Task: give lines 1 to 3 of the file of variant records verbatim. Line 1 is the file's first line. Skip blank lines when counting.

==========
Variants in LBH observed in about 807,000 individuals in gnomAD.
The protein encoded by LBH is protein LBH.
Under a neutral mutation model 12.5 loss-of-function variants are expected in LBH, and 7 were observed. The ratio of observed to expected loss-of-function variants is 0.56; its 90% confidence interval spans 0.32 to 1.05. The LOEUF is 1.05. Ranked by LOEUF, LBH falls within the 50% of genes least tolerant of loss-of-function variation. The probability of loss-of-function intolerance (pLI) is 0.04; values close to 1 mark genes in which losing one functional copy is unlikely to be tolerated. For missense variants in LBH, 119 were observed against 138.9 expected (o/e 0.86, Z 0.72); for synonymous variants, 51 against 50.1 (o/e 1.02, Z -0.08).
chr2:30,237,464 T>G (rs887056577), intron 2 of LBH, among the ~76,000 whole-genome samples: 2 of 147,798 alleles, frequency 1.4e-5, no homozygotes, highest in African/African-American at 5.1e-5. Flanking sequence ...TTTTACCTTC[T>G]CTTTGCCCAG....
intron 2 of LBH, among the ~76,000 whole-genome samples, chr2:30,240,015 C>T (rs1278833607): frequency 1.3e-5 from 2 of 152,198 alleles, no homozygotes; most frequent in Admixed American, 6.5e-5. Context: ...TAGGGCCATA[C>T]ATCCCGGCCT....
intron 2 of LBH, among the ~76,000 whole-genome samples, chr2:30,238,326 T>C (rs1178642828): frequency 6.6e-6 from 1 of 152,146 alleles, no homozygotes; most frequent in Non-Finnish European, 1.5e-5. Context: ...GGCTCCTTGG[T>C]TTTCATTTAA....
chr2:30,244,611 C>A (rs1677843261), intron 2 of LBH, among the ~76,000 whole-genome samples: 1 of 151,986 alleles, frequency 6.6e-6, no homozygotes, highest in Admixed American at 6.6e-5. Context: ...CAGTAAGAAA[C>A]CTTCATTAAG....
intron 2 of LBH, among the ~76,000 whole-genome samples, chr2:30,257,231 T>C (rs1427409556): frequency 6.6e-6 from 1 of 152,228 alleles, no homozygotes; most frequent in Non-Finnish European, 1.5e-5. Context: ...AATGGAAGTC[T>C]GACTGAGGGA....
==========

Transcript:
Variants in LBH observed in about 807,000 individuals in gnomAD.
The protein encoded by LBH is protein LBH.
Under a neutral mutation model 12.5 loss-of-function variants are expected in LBH, and 7 were observed. The ratio of observed to expected loss-of-function variants is 0.56; its 90% confidence interval spans 0.32 to 1.05. The LOEUF is 1.05. Ranked by LOEUF, LBH falls within the 50% of genes least tolerant of loss-of-function variation. The probability of loss-of-function intolerance (pLI) is 0.04; values close to 1 mark genes in which losing one functional copy is unlikely to be tolerated. For missense variants in LBH, 119 were observed against 138.9 expected (o/e 0.86, Z 0.72); for synonymous variants, 51 against 50.1 (o/e 1.02, Z -0.08).